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Somalia: The Emerging Terror Threat The Internationalization of al Shabaab Presented by Frederick W. Kagan and Christopher Harnisch of the American Enterprise.

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Presentation on theme: "Somalia: The Emerging Terror Threat The Internationalization of al Shabaab Presented by Frederick W. Kagan and Christopher Harnisch of the American Enterprise."— Presentation transcript:

1 Somalia: The Emerging Terror Threat The Internationalization of al Shabaab Presented by Frederick W. Kagan and Christopher Harnisch of the American Enterprise Institute’s Critical Threats Project Slides Prepared by Christopher Harnisch 1 Frederick Kagan and Chris Harnisch, March 10, 2010 Contact CTP Manager:

2 Map of the Horn of Africa 2 Frederick Kagan and Chris Harnisch, March 10, 2010 Contact CTP Manager:

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5 Somalia Basics: Geography 5 Frederick Kagan and Chris Harnisch, March 10, 2010 Contact CTP Manager: Slightly smaller than Texas, Somalia is situated strategically in the Horn of Africa near the important Gulf of Aden and Bab al Mandeb shipping routes (connecting the Indian Ocean with the Mediterranean Sea) Key Neighbor to the West: Ethiopia – Ethiopia and Somalia have historically been bitter rivals – they fought wars over the ethnically-Somali Ogaden region in 1964 and (hostilities and a propaganda campaign continued until 1988); Ethiopia conducted a military campaign in 1996 to oust Islamists from its borders; Ethiopia invaded in 2006 to disband the Islamist ICU and to install the legitimate UN-backed government; it reportedly committed numerous human rights violations during the campaign – Ethiopia is currently supportive of Somalia’s Transitional Federal Government (TFG), but al Shabaab still portrays Ethiopia as a nemesis Other neighbors – Djibouti, Kenya, and Uganda have all supported the TFG – Eritrea actively undermines the TFG by supporting al Shabaab – Yemen is a place of refuge for those attempting to escape Somalia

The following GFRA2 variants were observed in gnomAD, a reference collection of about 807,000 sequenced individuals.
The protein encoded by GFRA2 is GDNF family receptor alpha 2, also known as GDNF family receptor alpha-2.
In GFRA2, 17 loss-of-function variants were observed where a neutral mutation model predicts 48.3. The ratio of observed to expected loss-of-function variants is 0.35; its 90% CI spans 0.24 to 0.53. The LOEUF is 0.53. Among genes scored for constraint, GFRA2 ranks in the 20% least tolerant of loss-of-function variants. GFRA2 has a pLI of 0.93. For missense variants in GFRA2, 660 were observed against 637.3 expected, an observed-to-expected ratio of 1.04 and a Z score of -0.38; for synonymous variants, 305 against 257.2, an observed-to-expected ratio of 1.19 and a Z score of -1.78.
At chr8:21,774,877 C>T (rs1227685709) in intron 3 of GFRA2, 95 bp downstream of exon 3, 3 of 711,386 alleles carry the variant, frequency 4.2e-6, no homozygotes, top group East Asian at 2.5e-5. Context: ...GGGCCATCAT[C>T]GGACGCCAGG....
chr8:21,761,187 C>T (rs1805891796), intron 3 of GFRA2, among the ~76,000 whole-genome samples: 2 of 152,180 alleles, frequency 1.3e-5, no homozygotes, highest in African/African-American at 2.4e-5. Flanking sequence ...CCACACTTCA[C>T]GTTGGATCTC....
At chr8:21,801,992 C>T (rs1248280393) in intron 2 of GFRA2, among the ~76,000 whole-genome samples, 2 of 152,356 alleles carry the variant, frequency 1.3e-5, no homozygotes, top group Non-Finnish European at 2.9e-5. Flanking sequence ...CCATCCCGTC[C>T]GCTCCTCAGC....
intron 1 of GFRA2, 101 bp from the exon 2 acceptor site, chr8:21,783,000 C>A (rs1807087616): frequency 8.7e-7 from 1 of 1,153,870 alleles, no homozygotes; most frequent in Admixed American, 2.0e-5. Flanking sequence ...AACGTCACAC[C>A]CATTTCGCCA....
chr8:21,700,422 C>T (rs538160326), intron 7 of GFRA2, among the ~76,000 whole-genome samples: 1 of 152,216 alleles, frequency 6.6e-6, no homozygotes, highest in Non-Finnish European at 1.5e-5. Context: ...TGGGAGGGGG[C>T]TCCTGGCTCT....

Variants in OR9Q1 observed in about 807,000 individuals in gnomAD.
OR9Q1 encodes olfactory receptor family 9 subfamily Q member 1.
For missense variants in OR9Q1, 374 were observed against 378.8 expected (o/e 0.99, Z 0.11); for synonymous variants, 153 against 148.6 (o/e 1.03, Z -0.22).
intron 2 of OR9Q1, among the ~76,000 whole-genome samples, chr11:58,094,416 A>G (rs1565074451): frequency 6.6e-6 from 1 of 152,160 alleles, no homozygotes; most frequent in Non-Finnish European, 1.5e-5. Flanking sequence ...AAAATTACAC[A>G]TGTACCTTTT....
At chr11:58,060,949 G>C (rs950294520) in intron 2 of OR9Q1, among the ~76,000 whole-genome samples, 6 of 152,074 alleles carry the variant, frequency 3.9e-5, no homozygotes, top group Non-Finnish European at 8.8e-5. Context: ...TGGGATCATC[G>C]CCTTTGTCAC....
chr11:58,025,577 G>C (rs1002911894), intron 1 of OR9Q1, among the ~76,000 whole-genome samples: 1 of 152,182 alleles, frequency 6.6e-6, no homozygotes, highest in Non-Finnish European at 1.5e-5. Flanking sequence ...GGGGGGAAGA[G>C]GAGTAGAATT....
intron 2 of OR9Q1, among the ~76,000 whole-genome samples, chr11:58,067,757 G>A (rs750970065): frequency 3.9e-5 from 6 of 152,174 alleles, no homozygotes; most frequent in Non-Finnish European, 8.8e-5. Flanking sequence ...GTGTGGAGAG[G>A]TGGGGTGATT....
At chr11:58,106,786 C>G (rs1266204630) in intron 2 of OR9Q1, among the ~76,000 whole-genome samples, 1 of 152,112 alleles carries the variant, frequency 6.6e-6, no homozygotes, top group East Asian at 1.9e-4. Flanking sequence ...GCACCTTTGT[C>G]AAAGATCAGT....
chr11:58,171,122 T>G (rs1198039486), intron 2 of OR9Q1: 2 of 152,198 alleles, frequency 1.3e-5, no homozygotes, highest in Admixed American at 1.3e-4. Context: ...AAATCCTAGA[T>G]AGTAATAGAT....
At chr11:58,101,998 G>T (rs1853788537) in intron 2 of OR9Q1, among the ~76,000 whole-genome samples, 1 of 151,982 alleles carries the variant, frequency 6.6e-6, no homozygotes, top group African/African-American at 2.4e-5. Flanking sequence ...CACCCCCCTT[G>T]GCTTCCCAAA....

6 Somalia Basics: People 6 Frederick Kagan and Chris Harnisch, March 10, 2010 Contact CTP Manager: Population is estimated to be between 8 and10 million World Bank describes it as “one of the poorest countries in the world” UNHCR estimates there are 1.4 million internally displaced people (IDPs) in Somalia – More than 85,000 have been displaced in 2010 alone

7 Somalia Basics: Culture 7 Frederick Kagan and Chris Harnisch, March 10, 2010 Contact CTP Manager: 99% of Somalis are Sunni Muslims Sufi Islam (a moderate practice of mystical Islam) is widely practiced in Somalia Somalis generally consider Wahhabism as a foreign doctrine not compatible with Somali culture Suicide – including suicide bombings – was generally considered taboo in Somali culture; certain elements of the society began accepting it after al Shabaab started using suicide attacks in 2006 Clanism has historically played an important role in internal Somali conflicts – For a foreigner to live in Somalia, he will generally need the protection of a clan Islamism has established roots in Somalia; Salafist Islamism in Somalia dates back to the early 1970s Despite clanism and Islamism, Somali nationalism has always been strong